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In an equilateral triangle, lines are drawn from each vertex to the opposite side. Can there be seven regions of integer area?

enter image description here

If we did not require that the starting triangle is equilateral, then the answer would be yes, by assuming that the starting triangle's vertices, and the points where the lines meet the sides, all have rational coordinates, and then applying the shoelace formula.

But the starting triangle is equilateral, so its vertices cannot all have rational coordinates. We can still apply the shoelace formula, but it is not obvious whether the resulting areas can all be integers.

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    $\begingroup$ Ok, now this is harder. Note that again we only have to solve it for rational area. Since $\mathbb{Q}$ is closed under addition, the area of the equilateral triangle is rational. Hence $s^2\sqrt{3}$ is rational, for side length $s$. $\endgroup$ Commented Jan 1, 2023 at 2:40
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    $\begingroup$ Start with an isoceles right-angled triangle on $(-1,0),(0,1),(1,0)$. Get seven rational areas. Then stretch the $y$-axis by $\sqrt[4]3$ and shrink the $x$-axis by the same factor. The shoelace formula gives the same areas as before. $\endgroup$
    – Empy2
    Commented Jan 1, 2023 at 3:09

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Do you know the one-seventh area triangle ? By joining each vertex to the point on the opposite side situated at one-third of it, one gets a triangle whose area is $1/7$ of the area of the triangle.

It is a direct way to exhibit such a triangle, after a certain transformation for a triangle with area $21$ we have three types of shapes:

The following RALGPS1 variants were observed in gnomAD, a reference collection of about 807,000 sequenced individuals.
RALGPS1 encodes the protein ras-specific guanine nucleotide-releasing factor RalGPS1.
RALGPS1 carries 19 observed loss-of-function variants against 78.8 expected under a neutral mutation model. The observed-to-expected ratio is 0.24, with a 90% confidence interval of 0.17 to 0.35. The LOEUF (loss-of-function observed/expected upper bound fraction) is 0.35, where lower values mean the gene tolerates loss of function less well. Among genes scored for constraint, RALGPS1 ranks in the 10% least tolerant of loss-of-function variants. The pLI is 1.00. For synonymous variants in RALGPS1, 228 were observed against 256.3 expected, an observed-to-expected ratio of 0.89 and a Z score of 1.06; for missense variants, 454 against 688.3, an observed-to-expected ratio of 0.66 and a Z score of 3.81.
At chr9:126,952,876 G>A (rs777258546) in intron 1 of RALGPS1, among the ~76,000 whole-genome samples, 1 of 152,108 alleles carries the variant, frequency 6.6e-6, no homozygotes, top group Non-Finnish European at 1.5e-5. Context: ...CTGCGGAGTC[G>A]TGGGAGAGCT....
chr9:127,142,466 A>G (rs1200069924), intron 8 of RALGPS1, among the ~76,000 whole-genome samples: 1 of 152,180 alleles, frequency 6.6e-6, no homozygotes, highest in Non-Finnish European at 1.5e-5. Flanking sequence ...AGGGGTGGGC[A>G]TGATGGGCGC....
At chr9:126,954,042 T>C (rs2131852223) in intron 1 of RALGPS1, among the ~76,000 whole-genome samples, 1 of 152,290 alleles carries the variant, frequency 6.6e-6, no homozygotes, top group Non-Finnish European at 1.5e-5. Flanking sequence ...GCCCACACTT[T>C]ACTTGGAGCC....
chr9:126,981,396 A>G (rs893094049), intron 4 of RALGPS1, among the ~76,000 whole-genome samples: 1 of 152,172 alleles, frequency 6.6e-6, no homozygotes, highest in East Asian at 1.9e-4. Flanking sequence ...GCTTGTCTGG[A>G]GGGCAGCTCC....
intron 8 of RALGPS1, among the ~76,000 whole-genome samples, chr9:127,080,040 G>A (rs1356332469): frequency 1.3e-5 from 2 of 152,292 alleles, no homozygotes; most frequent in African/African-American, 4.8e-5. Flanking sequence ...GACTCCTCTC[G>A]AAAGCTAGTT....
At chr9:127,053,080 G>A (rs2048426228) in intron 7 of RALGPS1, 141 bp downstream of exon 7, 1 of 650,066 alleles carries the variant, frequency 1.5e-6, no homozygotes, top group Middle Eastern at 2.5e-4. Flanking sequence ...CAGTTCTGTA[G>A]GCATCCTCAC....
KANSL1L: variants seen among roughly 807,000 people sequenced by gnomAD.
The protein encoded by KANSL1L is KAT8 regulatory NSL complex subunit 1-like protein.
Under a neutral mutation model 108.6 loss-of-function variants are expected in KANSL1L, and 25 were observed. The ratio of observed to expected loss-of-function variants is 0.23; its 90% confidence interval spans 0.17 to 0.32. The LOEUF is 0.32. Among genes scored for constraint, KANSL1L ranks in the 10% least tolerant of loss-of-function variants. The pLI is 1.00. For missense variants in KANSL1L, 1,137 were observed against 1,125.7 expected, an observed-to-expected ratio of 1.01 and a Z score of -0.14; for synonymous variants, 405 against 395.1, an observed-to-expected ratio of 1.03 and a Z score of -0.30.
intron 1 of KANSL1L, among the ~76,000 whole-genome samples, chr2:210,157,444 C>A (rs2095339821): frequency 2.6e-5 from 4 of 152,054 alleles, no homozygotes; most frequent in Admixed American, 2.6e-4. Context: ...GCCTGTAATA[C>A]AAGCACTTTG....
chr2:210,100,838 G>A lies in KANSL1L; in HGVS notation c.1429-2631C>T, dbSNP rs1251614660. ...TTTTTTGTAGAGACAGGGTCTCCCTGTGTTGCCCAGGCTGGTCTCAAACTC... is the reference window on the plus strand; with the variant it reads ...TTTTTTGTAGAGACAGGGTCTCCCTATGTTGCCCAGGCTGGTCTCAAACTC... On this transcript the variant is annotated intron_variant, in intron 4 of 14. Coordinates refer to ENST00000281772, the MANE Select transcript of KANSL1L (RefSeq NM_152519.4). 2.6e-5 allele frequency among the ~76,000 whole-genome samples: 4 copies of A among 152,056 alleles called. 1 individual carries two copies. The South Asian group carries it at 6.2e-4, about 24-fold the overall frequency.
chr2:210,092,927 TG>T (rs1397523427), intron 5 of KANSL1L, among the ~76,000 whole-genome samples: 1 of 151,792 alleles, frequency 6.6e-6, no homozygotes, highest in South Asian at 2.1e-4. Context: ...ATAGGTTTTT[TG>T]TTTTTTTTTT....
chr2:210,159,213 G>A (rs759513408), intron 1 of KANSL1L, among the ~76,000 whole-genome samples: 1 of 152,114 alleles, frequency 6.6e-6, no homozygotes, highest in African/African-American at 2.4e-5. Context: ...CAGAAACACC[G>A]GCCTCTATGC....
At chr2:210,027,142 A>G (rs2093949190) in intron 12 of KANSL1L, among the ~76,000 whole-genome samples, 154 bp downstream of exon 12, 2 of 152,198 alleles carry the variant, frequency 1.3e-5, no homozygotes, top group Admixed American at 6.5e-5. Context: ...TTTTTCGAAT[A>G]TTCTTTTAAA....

• a central triangle with area $3$,

  • 3 small identical triangles with common area $1$,

  • 3 identical quadrilaterals with common area $5$.

enter image description here

How can an equilateral triangle be with area $21$ ? Simply by taking the good magnifying factor. In particular, if the reference equilateral triangle has vertices'coordinates

$$(-1,0),(1,0),(0,\sqrt{3}) \ \ \text{with area } \ \ \sqrt{3},\tag{1}$$

as we must reach an area equal to $21$, the magnifying factor is $k= 7\sqrt{3}$, but, caveat !, the coordinates in (1) have to be multiplied by the square root of $k$ i.e., $\sqrt{7\sqrt{3}}$, i.e, we end with :

$$\text{triangle} \ (-\sqrt{7\sqrt{3}},0),(\sqrt{7\sqrt{3}},0),(0,\sqrt{21\sqrt{3}}) \ \ \text{which has area } \ \ 21.$$

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    $\begingroup$ This is really just an example of my construction $\endgroup$ Commented Jan 1, 2023 at 18:05
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    $\begingroup$ Thank you for the links, Jean Marie. The "one-seventh area triangle" is a nice triangle. I believe $21$ is the minimum area of a triangle that can be separated by three cevians into seven regions of integer area. $\endgroup$
    – Dan
    Commented Jan 1, 2023 at 23:03
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It's possible again. Make the area of the equilateral triangle rational. It's possible to make each area a rational multiple of the total area. Call the triangle $\triangle ABC$, then draw segments $AD, BE, CF$ in the picture. If $CF$ is any segment so that $AF/AB\in\mathbb{Q}$ and likewise with $AD$ and $BE$, then this is true. This can be shown by deleting lines and using mass points (I'll leave this as an exercise to the reader). Finally, enlarge the picture by the common denominator and you get the desired outcome.

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    $\begingroup$ In the Wikipedia page linked by Jean Marie, I find that this can also be proven with Routh’s Theorem $\endgroup$ Commented Jan 1, 2023 at 18:05

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